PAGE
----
Part of the problem of the debate about global warming is that the data on temperature trends are not at all obvious or easy for a single person to observe. The overall temperature trends can only be deduced by going through volumes of data, after which a small average warming becomes apparent. And yet this can sometimes be counterintuitive, since regionally it is possible to have a colder than average year, and even when it is a warmer than average year, it is probably below the threshold of observation. So belief in global warming involves having to trust scientists who are of course, totally untrustworthy people.
And yet there is a basic experiment that anyone can do at home to prove the possibility of global warming, and the phenomena behind it. It goes thusly:
- Find a closet or other small room. Situate yourself in the closet, sometime during the day. Bring along a radio.
- Shut the door. Notice that while the room grows noticeably darker, the radio will continue to play!
Pretty simple experiment, right? In fact, you might be shaking your head, thinking that it is a simple-minded exercise in the obvious. However, the reasons why this works are not at all obvious. Light waves and radio waves are both forms of electromagnetic radiation
, just at varying levels of energy. That electromagnetic radiation reacts with matter in varying ways depending on its level of energy was at once the great puzzle and great answer to much of modern chemistry and physics. Not only that, it is something that is also easily observable from the world around us. A door can stop light waves, but can't stop radio waves. The light waves interact with the matter in the door, while radio waves pass right through it.
And, according to a non-controversial piece of science, carbon dioxide will stop infrared light waves, converting that radiant energy into brownian motion, which is to say, heat. I titled this writeup "the possibility", because while I can do an experiment proving that light waves and radio waves are stopped by different materials, I have not actually done an experiment on my own to shine an infrared light beam through carbon dioxide. But I believe many others have. And I don't believe that anyone has ever debated the fact that carbon dioxide picks up infrared light at certain frequencies.
There are many things that people do debate about the idea of global warming or climate change. They say that the earth has had natural swings in climate before, which is true. They say that the sun's sunspot cycle can change temperatures, which is most probably true. They say that naturally occurring water or methane can work as greenhouse gases, which is true. They say that many climate change believers are just closet Malthusians looking for an excuse to hate human civilization, which is also true. They say that many of the predictions of rapid and catastrophic climate change are alarmist, which is true. They say that the earth has natural feedback loops that will tend to mitigate heating, which is true. And they say that many of the people who are drawing attention to global warming are hypocritical or otherwise morally imperfect, which is true. But, has anyone ever, ever heard someone debate the basic fact that carbon dioxide is opaque to infrared light?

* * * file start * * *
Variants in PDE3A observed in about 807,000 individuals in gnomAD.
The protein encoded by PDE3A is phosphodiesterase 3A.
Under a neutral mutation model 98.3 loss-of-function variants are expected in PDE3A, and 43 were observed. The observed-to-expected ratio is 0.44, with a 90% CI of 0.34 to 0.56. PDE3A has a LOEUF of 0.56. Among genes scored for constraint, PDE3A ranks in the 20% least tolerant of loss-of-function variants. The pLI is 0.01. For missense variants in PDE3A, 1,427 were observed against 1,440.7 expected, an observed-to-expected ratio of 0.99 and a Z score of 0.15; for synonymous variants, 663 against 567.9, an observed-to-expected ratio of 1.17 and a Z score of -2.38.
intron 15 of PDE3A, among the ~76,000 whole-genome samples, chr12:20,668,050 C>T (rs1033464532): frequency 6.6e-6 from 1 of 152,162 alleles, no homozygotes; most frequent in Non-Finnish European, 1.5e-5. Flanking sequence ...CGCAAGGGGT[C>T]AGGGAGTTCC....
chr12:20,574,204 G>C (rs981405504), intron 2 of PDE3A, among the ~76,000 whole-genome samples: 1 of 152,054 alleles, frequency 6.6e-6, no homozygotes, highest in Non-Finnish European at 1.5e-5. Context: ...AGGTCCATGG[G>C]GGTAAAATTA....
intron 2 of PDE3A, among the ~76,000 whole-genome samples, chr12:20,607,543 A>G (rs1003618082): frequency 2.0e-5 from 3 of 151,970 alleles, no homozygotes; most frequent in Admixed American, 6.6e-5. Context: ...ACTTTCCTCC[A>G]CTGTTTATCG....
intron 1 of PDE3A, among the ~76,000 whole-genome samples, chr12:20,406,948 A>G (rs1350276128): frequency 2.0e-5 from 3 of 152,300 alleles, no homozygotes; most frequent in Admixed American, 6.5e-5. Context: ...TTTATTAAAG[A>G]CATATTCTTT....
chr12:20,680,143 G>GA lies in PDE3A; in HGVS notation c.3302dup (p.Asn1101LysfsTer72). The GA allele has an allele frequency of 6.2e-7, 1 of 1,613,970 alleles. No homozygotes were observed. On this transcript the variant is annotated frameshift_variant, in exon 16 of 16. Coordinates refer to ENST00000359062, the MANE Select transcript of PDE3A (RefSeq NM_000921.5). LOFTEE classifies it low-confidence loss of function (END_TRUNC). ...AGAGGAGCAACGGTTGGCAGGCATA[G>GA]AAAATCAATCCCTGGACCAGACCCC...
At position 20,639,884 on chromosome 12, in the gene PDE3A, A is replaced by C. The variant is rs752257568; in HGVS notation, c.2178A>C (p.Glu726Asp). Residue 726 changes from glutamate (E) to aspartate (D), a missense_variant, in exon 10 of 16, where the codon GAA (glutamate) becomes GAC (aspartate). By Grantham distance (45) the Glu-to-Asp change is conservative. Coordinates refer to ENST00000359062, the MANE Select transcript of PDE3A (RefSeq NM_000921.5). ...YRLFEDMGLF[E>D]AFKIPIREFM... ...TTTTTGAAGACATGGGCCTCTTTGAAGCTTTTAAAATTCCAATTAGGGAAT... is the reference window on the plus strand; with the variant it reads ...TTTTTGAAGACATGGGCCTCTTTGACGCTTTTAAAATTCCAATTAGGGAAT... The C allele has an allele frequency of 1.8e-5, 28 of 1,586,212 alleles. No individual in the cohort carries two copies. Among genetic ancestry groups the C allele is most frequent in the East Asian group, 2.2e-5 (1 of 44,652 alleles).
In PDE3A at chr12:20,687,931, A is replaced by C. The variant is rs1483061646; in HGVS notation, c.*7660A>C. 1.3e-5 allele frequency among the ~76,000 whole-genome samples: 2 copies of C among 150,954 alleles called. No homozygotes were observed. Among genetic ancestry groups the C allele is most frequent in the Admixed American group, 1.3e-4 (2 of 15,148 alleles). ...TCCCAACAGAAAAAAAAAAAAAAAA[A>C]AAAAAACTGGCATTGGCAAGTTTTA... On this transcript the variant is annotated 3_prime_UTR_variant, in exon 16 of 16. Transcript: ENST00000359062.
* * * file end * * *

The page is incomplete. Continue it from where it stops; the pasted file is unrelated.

And this is really the crux of the discussion. While the intricacies of meteorology have many many exceptions, the basic interaction between electromagentic radiation and electrons is a matter of almost Platonic knowledge in science. If Al Gore dresses in a tutu/bondage gear outfit and stands at the head of Times Square praising the virtues of Stalinism, it will not change the fact that carbon dioxide is opaque to infrared light. And given that this is a simple, established fact that can be explained within the first few chapters of a college chemistry textbook, the reasons why global warming is either impossible or unimportant have to become more and more convoluted and desperate. Since I don't know all the different factors that go into climate, I don't know how much of an effect rising Carbon Dioxide levels will have, but I do know that since carbon dioxide is opaque to infrared light, the best guess is that adding more of it to the atmosphere will eventually raise the temperature. How much and when I do not know, but the basic effect I can prove to myself just by going into a closed room with a radio.